By Claire Byun
Faubourg St. John neighbors have worked for weeks to identify the best future locations for bicycle sharing stations in the area, though residents aren’t sure their voices will be heard.
Steve Kaplan, member of the Faubourg St. John Neighborhood Association, said about a dozen FSJNA members determined the safest and most aesthetically-pleasing spots in the neighborhood for the stations. Neighbors shared their findings with city officials at the public bicycle share workshop in Mid-City on Monday.
“The program is going to happen,” Kaplan told FSJNA at its meeting Tuesday. “It’s going to happen, and where we put the stations initially is very critical. We tried to come up with the least invasive and most probably chance to succeed.”
The 700 custom-designed bicycles will be placed at an estimated 70 stations designated at locations in neighborhoods around the city as part of a citywide bicycle share program, Dwight Norton of the mayor’s office of resilience, said. The program launches in October after three more public workshops, an online survey, several draft plans and a public hearing.
Kaplan said his study group tried to keep stations away from spots directly in front of homes, so residents don’t have to “wake up” to bike racks every day. The group also tried to keep stations out of public right-of-ways, especially along Esplanade Avenue due to the Crescent City Classic. Kaplan said he was concerned Classic and the Rock n’ Roll Mardi Gras Marathon would need the whole road, and the stations would disrupt the events.
The study group also made sure to not take up any parking spots in the neighborhood.
“I like what they did,” said Jim Danner, FSJNA vice president. “I don’t know if they’ll be heard by the city, but I like their ideas.”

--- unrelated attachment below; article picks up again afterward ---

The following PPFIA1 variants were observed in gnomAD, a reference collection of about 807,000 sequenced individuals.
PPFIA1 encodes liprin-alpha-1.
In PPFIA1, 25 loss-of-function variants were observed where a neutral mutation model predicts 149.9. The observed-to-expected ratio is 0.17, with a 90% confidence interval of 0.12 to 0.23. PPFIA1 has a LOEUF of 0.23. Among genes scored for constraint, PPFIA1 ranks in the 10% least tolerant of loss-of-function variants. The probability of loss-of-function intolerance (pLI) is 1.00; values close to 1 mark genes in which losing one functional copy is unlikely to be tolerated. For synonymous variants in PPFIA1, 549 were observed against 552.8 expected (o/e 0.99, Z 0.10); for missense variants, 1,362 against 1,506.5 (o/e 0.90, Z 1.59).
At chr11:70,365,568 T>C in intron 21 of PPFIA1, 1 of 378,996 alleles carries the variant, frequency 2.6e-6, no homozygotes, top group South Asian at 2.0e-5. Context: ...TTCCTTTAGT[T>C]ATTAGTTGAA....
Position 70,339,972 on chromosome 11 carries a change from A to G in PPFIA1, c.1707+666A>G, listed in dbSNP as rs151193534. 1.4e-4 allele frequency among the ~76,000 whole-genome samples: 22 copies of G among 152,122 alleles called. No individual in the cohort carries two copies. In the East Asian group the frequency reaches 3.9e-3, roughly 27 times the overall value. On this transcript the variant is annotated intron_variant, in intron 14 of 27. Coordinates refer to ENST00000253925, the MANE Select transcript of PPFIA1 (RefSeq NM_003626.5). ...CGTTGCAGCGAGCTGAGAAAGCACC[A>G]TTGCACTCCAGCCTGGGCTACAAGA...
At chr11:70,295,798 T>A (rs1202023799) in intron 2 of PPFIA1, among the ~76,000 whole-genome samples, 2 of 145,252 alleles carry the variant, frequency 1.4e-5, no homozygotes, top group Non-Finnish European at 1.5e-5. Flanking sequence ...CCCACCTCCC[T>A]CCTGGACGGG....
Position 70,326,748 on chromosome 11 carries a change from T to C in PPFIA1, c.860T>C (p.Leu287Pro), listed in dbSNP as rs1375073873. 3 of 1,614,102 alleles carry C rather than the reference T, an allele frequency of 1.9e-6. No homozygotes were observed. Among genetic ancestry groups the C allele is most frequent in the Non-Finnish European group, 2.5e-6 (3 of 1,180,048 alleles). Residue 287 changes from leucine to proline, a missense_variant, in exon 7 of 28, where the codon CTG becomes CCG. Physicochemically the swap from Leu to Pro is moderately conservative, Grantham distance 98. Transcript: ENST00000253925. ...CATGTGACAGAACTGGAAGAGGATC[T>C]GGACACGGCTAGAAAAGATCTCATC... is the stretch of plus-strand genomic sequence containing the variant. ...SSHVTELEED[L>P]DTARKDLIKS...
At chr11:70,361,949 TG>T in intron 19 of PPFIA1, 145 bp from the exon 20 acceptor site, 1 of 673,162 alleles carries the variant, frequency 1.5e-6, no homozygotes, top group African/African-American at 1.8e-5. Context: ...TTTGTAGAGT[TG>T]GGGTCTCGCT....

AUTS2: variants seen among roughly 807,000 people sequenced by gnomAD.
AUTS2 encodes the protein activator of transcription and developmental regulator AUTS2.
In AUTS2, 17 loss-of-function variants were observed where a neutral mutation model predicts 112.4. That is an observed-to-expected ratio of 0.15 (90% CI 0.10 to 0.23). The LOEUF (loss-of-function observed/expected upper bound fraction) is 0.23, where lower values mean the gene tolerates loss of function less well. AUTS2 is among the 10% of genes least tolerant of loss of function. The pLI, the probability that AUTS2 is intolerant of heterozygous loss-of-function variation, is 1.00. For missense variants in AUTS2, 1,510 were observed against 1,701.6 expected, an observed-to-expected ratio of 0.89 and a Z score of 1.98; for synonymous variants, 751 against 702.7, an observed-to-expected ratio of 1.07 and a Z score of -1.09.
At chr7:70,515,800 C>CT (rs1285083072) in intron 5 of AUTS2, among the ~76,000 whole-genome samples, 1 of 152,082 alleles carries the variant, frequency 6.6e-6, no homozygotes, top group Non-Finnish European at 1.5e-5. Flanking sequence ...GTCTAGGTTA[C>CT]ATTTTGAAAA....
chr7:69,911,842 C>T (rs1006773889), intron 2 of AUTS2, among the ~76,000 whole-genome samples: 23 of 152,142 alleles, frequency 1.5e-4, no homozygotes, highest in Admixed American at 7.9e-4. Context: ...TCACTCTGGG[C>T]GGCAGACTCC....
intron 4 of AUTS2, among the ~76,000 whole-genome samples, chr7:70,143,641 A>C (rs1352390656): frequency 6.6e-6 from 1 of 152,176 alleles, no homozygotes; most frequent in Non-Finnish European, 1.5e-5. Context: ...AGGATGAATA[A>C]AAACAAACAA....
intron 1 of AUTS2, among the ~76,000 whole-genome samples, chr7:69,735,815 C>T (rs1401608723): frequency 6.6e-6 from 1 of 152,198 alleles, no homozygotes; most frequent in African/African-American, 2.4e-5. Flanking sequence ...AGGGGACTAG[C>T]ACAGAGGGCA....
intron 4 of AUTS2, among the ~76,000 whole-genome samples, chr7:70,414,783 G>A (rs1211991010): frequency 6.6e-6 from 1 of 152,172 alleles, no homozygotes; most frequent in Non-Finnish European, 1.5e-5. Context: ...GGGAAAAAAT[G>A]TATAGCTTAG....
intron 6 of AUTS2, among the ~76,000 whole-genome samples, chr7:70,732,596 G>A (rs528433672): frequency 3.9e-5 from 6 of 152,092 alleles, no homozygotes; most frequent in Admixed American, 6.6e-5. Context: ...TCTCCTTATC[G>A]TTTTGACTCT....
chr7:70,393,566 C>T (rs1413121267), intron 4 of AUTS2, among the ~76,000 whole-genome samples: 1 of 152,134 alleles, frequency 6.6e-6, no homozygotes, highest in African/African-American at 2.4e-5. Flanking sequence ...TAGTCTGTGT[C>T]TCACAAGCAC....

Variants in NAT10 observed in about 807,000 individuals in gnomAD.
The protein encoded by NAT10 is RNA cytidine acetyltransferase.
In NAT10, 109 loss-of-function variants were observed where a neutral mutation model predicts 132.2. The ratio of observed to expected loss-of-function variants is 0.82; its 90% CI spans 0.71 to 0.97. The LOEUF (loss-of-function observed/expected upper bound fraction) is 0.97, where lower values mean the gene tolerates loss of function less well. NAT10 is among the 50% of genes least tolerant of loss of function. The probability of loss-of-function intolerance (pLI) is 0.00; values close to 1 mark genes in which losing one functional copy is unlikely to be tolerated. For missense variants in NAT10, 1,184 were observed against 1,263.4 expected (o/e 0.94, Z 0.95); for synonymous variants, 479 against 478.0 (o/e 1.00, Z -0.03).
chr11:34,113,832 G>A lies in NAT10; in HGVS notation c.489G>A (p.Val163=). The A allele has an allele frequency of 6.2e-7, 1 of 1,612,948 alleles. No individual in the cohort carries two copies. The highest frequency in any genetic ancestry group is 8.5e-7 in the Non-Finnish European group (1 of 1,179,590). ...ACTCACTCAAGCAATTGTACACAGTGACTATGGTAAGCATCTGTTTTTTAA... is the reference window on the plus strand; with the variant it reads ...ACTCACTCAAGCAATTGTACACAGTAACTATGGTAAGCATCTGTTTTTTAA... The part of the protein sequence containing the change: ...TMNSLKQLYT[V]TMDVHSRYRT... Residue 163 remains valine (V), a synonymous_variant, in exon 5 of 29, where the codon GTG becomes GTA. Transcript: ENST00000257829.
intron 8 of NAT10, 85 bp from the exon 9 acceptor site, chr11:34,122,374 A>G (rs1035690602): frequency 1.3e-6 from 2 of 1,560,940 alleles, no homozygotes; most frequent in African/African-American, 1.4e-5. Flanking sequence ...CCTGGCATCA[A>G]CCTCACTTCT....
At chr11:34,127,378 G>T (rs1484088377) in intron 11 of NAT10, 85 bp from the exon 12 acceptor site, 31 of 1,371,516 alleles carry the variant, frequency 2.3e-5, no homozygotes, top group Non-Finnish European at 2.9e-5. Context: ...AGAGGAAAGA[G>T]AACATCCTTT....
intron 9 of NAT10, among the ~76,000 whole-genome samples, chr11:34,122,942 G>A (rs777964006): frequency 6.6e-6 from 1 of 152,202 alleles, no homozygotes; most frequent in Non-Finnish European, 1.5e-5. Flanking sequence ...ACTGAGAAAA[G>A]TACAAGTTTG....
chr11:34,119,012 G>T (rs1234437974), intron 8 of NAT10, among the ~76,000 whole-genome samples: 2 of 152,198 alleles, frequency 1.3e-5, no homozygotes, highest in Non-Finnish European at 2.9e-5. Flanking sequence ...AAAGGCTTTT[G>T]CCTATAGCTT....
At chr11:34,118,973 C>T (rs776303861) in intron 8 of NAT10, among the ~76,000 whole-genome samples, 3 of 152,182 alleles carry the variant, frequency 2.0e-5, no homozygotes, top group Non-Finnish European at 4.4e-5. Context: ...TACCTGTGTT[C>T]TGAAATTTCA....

There will be about 15 stations around Mid-City, Dwight Norton, with the mayor’s office of resilience, said at the public workshop. All stations will be sized “according to context,” Norton said, meaning a less-populated area will only have spots for a few bikes. Pedestrian-heavy areas, such as the Central Business District and Canal Street, could have room for up to 20 bikes.
There will also be 10 walk-up kiosks throughout the city, though those will only be placed as densely-populated areas, Norton said.
Stations also must be in a public space that remains open 24/7 and has some sunlight during the day, since the bikes’ systems are solar powered, Norton said.
The FSJNA study group picked out several neighborhood spots that already have bike racks – since those can be used with the new program – especially along Esplanade Avenue. The group also carved out spots in a few of the public parks that are both out of traffic and not a nuisance to residents, Kaplan said.
Though the program is advertised for residents – thus the point of putting them in neighborhoods – Danner said many people in the Fairgrounds area already own bikes. Most of the traffic will come from people returning from the French Quarter or cycling down the Lafitte Greenway, or going from one form of transportation to the next.
“We have excellent transportation here,” Danner said “I can’t see people who live here using it, but maybe others will.”